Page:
It takes a village to raise a child – or, according to UC Davis and Bustos Media, it is the “trabajo de todos.”
UCD and Bustos Media, a Spanish-language radio and television company, created public address announcements encouraging Latino parents to help their children prepare for college.
“Our goal is to convince Spanish-speaking parents that they can indeed help their children succeed in our complex educational system,” said Elias Lopez, director of analysis and information services at UCD in an e-mail interview. “Our educational system requires a very sophisticated consumer. But what if the parents have never been to college? The PSAs provide strategies.”
The six ads are currently airing on all 22 of Bustos Media’s radio stations nationwide. Each ad highlights a different educational strategy; for example, talking to teachers and designating study space.
Angelica Balderas, vice president of Bustos Media, teamed up with Lopez, the UCD marketing department and the UCD Academic Preparation Program after realizing the need for information on education in the Latino community.
“My hope is that this will be a beginning and that it inspires more activity from parents, students, teachers and the community at large,” Balderas said in an e-mail interview.
Lopez said that Latinos are underrepresented in the UC system despite their large population.
“California has over 6.2 million students enrolled in the K-12 and 49 percent or 3 million of these students are Latinos. However, Latinos have the lowest college-going rates to the University of California with only 4 percent going to the UCs directly from high school,” Lopez said.
Thomas Hinds, UCD marketing director, said that Lopez and Balderas created the overall theme of the ads: “Trabajo de todos,” or “the work of all.”
“[Lopez] knew that work was very important to Latinos but that sometimes schoolwork was not seen as work, so other things would take precedence,” Hinds said. “So for instance, in one of the messages the father does the dishes instead of the children, because then it would be saying, ‘Hey, it’s more important for you to do your schoolwork than the dishes and that’s the most important work.'”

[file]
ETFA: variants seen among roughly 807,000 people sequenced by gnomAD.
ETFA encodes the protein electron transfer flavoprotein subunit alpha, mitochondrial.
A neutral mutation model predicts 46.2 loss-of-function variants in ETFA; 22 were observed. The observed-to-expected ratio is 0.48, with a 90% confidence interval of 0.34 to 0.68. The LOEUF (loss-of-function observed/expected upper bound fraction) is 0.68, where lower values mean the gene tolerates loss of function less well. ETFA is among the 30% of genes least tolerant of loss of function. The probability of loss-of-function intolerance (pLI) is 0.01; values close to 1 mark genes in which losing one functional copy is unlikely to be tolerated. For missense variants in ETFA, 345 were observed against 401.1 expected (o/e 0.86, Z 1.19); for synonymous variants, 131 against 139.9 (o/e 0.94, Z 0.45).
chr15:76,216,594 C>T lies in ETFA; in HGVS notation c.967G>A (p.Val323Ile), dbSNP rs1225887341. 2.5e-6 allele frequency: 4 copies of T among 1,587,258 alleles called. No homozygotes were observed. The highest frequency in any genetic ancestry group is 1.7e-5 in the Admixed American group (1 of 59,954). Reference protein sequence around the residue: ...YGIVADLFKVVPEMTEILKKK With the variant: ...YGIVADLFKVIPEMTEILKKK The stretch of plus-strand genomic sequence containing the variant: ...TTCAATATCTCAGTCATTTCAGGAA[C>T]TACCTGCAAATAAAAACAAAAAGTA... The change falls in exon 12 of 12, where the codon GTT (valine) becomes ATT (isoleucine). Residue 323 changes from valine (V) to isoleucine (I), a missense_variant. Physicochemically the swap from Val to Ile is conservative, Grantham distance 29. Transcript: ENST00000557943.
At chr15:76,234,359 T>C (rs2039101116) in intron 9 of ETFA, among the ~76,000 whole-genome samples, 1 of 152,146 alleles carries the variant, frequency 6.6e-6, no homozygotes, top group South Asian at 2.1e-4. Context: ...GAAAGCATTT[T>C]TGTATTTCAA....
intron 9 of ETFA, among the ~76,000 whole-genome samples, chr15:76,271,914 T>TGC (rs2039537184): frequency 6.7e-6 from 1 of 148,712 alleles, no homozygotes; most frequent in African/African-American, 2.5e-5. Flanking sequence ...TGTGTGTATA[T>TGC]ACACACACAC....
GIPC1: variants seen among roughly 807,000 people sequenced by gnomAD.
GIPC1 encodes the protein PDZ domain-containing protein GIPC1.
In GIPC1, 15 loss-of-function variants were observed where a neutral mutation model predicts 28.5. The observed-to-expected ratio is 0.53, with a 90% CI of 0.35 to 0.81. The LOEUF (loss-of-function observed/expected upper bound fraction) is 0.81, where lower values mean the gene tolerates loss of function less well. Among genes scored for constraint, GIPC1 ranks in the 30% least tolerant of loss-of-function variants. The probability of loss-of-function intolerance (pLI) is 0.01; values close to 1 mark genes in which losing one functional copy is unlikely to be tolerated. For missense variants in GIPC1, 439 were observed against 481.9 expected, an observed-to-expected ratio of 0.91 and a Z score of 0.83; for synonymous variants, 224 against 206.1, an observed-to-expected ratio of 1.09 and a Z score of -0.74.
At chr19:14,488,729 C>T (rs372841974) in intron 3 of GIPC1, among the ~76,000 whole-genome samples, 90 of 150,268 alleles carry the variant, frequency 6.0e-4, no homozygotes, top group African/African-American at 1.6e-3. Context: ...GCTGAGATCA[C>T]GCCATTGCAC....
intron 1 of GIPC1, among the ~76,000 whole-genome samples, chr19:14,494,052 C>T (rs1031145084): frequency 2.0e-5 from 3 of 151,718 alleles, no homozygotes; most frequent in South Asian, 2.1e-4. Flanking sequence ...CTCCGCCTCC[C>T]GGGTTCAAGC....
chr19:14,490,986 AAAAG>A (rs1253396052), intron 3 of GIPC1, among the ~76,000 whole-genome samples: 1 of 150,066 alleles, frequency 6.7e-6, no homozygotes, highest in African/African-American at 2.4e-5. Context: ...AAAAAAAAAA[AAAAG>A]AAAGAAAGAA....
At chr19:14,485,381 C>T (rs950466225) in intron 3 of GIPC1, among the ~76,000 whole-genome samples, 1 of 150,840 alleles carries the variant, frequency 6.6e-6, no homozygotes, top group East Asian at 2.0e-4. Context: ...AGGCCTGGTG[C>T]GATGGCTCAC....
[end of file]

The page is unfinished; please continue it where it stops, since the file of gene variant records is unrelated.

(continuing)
Balderas also wanted the ads to incorporate amusing depictions of the Latino community structure.
“I knew that the message had to coalesce around a key message that listeners could hear and that would resonate. Latinos, we are clannish; we do everything together,” Balderas said. “It is often a joke, so why not ‘Trabajo de todos?’ It is everyone’s job to educate children.”
Lopez said that reactions to the ads, and its accompanying website, have been positive so far.
“I have shown this to a few persons in the Latino community and they love the idea. They especially liked the public service announcements and the fact that UC Davis is taking an even greater interest in helping the surrounding communities,” Lopez said.
Everyone involved in the project is hopeful that more ads can be created to reach an even larger population of non-English speakers.
“We hope to reach out to other communities, such as the Hmong and Russian communities, to ensure that there is enough information for everyone to have access to the university, and what it takes to prepare,” said Ed Aguilar, director of Academic Preparation Programs.
Ultimately, the goal of the ads is to show parents that UCD has information in their language and that the university is here to support them, Aguilar said.
For Hinds, the ads can also be a means of creating a dialogue about education in the Latino community.
“This is not targeting kids who are a couple of years away from college, these are for parents who have younger children who want to prepare their children for college,” Hinds said. “It would be amazing if they are able to influence Latinos in a way that they were thinking about how to increase college-going rates in the Latino population. That’s the best possible outcome.”
To listen to the announcements, visit http://trabajodetodos.org.
ERIN MIGDOL can be reached at email@example.com.